This summer, it is my pleasure to bring to you the romance between Stevie Darden and Michael Jennings. Not your typical romance, my characters are bit older. Stevie has lost her husband in a tragic accident. And in one final tribute, she drives his 1956 TBird to Daytona Beach to the Great American Race.  
Being an older couple, Stevie and Michael have their own set of problems. Will their children approve? Are they being foolish to think that love will strike twice? To find out, you’ll have to purchase your copy of Those Summer Nights.

Here’s a little sample. I hope you’ll enjoy. 

Winning her Heart…..
"Ticket, please."
Wallet in one hand, arm extended, Stevie held out the glossy, heavy paper and waited for the young man to rip off the end and hand the stub back to her.
"Thank you," she spoke softly, placing her wallet back into the large shoulder bag before moving through the gate.
Florida was everything they said it would be, if you understood "they" to mean her husband's old friends, who gathered around the TV set out in the den on Sunday afternoons beginning the first of January to watch the cars race around tracks all over the country. She pushed her white-framed sunglasses onto her face and stepped out of the line of human traffic flowing into the main gates of the superspeedway.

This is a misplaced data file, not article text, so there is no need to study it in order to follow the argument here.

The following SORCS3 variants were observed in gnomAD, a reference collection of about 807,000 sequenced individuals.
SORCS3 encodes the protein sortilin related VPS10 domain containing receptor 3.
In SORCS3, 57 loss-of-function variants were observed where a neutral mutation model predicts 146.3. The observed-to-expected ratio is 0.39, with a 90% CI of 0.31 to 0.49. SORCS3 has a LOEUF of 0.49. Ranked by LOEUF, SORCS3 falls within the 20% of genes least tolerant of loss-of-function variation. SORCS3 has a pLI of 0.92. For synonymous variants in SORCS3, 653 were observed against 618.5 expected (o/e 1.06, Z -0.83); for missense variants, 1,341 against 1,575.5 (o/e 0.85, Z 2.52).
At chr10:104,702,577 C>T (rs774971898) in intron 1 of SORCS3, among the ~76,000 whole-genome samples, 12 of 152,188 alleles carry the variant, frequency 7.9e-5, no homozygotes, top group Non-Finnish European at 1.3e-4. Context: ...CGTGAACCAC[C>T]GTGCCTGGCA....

Stevie turned over her palm to glance at the stub. Section X, seat thirty-three in the Lockhart Tower. This shouldn't be too hard to find. Raising her glance to look at the signs, she was surprised to see how many people filled the mezzanine. With a sigh, she merged back into the throng, intent on making her way toward the elevator which would take her up to the first floor of the grandstands that lined the raceway.